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  • BUSINESS AND ECONOMICS

    Do you dream of being the CEO of a Fortune 500 company? Or maybe it’s running a nonprofit that excites you. With a business degree from Hamline, you’ll graduate with the knowledge and connections you’ll need to start your career in business—whether in the private, public, or nonprofit sector.

    FINE ARTS

    In the Hamline Arts programs, the world is your canvas. Develop your artistic voice and vision through your personal exploration of the fine arts. You’ll gain an understanding of the traditions and history, while you hone your own technical craft and develop the skills to channel your passion into a fulfilling career in the arts.

    GLOBAL STUDIES

    Attention, globetrotters! This program is designed to develop compassionate, informed citizens of the world, ready to take on the complex challenges of the 21st century. You’ll study here and abroad to understand societies and cultures around the world.

    HUMANITIES & CULTURE

    Made up of several different disciplines—including History, Literature, and Philosophy—the Humanities & Culture program explores the heart of the human experience. The humanities seek to answer the larger questions about who we are and what our lives should mean.

    JUSTICE & LAW

    Hamline offers programs in social and criminal justice, political science, and global studies.  We also provide a unique combination of opportunities for students interested in attending law school. These programs will help you develop a deeper understanding of legal and political systems in relation to social justice, human rights, and diplomacy.

    MEDIA STUDIES

    Media Studies programs at Hamline include Journalism, Communications, Digital Media Arts, Theatre Arts, Professional Writing, and more. So if you’ve got a passion for communicating—through words, design, or performance—The Media Studies program might be the right fit for you.

    SCIENCES & HEALTH

    Do you want to cure diseases? Help develop sustainable solutions to combat climate change? In Hamline’s science and health programs, you’ll explore the natural and physical worlds within and around us as you conduct research alongside professors trying to solve real-world problems.

    SOCIAL SCIENCES

    The social sciences take a scientific approach to studying human nature. You’ll come to understand the systems that shape human behavior and society, learn about social structures and how they have evolved over time, and engage in research to solve critical problems.

  • The First-Year Seminar Program is a program unique to Hamline that provides incoming students with an introduction to college and a sense of community. You’ll explore a topic of your choosing while you hone your writing, speaking, and critical thinking skills. These seminars change each year and are usually related to the current cultural/political landscape—they vary widely and can cover some very interesting topics.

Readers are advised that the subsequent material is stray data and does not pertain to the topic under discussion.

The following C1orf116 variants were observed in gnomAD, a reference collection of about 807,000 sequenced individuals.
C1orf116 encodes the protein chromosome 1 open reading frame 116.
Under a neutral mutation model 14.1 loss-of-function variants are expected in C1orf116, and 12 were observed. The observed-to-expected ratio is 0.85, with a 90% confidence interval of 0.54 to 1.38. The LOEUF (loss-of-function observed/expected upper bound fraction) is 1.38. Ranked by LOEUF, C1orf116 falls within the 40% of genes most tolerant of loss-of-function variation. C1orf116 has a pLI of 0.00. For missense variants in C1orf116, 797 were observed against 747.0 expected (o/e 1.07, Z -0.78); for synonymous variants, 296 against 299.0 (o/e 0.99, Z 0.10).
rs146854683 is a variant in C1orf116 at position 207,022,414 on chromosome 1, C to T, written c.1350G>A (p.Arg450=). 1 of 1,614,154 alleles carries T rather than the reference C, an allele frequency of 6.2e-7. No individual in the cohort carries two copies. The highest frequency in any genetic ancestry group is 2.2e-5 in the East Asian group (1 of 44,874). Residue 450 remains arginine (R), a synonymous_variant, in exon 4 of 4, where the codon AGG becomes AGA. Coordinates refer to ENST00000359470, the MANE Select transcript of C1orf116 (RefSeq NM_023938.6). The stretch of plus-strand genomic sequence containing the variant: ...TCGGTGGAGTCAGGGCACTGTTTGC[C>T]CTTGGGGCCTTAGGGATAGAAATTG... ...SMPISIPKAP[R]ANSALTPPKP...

• THE F WORD:

    GENDER, POWER, AND PRIVILEGE IN AMERICA
    Dare to use the F Word: Feminism! Students in this section of First-Year Seminar will learn about feminism, including its definitions and how it can be used for knowledge production and activism for social justice. Our course will use the Ms. Magazine digital reader to access current and historical publications about feminism. We will spend the semester exploring the intersectional aspects of gender, race, class, and sexuality in American culture through topics such as violence against women, equity and labor, media and popular culture, women in leadership, and more.

    TRASH TALK:

    DISCARDED THINGS, RUINED PLACES, AND INVISIBLE PEOPLE
    This course examines trash – uncovering the things and places ignored by design. We will apply an anthropological lens, traveling across time and space, to explore our complex relationship with rubbish and ruins. We will begin with “garbology”, an archaeological perspective on consumption and waste. Next we will explore the lives of the people most involved with the material residue of our world – employing ethnography to understand sanitation workers, urban explorers, pickers, hoarders, and freegans. Finally, we will critically examine the globalized nature of modern refuse, from industrial ruins to ship-breaking, attempting to trace some of the entanglement between place, people and discarded things.